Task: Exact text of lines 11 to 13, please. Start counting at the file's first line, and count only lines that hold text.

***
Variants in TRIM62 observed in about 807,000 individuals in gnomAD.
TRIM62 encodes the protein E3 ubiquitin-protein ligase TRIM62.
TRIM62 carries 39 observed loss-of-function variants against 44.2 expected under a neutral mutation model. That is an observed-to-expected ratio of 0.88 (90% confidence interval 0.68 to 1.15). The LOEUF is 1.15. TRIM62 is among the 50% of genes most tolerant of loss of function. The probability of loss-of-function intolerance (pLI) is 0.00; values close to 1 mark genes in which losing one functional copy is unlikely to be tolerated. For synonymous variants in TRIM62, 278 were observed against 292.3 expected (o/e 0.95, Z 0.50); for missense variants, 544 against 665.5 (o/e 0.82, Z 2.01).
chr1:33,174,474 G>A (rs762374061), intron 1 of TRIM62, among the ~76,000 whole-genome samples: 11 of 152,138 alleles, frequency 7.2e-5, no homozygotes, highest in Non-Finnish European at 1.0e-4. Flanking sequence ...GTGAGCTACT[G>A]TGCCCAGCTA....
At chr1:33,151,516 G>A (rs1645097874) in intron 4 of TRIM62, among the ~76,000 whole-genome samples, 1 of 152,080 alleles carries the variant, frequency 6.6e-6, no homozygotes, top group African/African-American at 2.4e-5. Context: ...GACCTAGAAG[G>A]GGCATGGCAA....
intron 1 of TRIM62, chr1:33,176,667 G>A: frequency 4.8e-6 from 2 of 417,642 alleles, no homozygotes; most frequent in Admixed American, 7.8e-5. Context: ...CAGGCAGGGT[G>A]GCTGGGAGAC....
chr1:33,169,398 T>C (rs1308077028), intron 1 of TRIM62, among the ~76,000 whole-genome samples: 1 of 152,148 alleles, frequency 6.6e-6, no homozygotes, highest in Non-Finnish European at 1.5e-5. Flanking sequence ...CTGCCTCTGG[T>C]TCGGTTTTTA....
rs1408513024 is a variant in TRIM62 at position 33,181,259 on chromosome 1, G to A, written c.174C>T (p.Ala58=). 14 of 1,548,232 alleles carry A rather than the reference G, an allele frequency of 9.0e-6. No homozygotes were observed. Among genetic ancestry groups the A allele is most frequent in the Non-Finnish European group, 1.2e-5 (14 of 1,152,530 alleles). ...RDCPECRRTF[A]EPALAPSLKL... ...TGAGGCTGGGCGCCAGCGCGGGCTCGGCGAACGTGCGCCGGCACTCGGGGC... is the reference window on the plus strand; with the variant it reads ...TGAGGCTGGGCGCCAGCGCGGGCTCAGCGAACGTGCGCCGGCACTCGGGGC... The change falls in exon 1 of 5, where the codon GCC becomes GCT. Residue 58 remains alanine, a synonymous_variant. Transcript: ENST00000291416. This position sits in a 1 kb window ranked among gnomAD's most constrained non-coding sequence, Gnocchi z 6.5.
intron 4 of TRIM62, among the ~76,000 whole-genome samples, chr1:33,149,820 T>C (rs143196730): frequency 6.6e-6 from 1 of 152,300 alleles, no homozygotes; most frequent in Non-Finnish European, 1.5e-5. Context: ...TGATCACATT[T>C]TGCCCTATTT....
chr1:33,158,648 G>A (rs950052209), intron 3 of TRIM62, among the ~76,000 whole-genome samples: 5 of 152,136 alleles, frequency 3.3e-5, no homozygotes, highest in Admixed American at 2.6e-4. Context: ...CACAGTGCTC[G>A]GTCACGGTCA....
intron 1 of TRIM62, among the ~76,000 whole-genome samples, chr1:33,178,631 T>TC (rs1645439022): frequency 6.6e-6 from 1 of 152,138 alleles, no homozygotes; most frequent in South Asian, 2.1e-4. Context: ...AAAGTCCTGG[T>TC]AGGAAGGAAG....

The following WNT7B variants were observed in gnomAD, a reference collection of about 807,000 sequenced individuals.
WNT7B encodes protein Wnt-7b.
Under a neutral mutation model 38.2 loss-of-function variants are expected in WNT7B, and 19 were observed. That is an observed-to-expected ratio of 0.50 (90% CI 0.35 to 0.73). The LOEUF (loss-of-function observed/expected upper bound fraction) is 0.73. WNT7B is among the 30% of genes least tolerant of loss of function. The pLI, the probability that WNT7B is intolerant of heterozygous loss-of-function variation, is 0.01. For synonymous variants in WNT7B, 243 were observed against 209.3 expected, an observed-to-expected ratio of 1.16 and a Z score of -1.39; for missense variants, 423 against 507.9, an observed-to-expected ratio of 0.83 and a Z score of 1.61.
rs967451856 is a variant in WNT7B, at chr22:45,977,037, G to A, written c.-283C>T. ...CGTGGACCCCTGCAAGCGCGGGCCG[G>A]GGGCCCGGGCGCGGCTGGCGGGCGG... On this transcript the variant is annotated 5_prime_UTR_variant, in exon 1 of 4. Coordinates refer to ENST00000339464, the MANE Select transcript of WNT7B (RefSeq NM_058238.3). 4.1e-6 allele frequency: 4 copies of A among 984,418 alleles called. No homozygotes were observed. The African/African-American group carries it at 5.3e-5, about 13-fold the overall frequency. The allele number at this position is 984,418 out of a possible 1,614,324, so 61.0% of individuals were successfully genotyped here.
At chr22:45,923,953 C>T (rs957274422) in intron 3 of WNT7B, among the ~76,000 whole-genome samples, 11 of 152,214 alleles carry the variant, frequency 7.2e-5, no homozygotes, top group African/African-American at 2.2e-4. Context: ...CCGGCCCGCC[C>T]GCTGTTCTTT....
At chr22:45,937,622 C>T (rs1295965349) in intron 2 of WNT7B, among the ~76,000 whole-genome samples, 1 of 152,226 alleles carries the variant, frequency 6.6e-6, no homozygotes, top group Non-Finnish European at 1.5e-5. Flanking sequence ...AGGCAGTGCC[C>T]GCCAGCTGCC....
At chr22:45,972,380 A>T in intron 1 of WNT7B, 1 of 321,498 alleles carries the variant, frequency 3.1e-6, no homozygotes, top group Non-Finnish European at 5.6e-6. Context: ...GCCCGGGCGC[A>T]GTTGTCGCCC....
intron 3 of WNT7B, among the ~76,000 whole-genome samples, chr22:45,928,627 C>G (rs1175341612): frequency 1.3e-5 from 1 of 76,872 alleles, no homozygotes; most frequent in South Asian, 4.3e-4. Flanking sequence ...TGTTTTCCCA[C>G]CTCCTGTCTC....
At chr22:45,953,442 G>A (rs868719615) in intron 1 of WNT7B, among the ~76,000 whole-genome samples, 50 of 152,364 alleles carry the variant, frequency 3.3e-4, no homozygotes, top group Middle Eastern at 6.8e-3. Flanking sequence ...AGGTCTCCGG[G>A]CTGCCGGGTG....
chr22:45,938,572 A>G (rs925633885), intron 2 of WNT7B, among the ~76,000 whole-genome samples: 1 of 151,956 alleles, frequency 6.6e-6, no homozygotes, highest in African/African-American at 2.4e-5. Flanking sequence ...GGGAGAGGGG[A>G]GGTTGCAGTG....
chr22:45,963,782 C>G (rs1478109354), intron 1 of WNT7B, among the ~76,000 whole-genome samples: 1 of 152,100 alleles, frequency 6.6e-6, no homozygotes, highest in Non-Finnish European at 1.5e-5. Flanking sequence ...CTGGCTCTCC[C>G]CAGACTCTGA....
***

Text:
intron 1 of TRIM62, among the ~76,000 whole-genome samples, chr1:33,178,631 T>TC (rs1645439022): frequency 6.6e-6 from 1 of 152,138 alleles, no homozygotes; most frequent in South Asian, 2.1e-4. Context: ...AAAGTCCTGG[T>TC]AGGAAGGAAG....

The following WNT7B variants were observed in gnomAD, a reference collection of about 807,000 sequenced individuals.
WNT7B encodes protein Wnt-7b.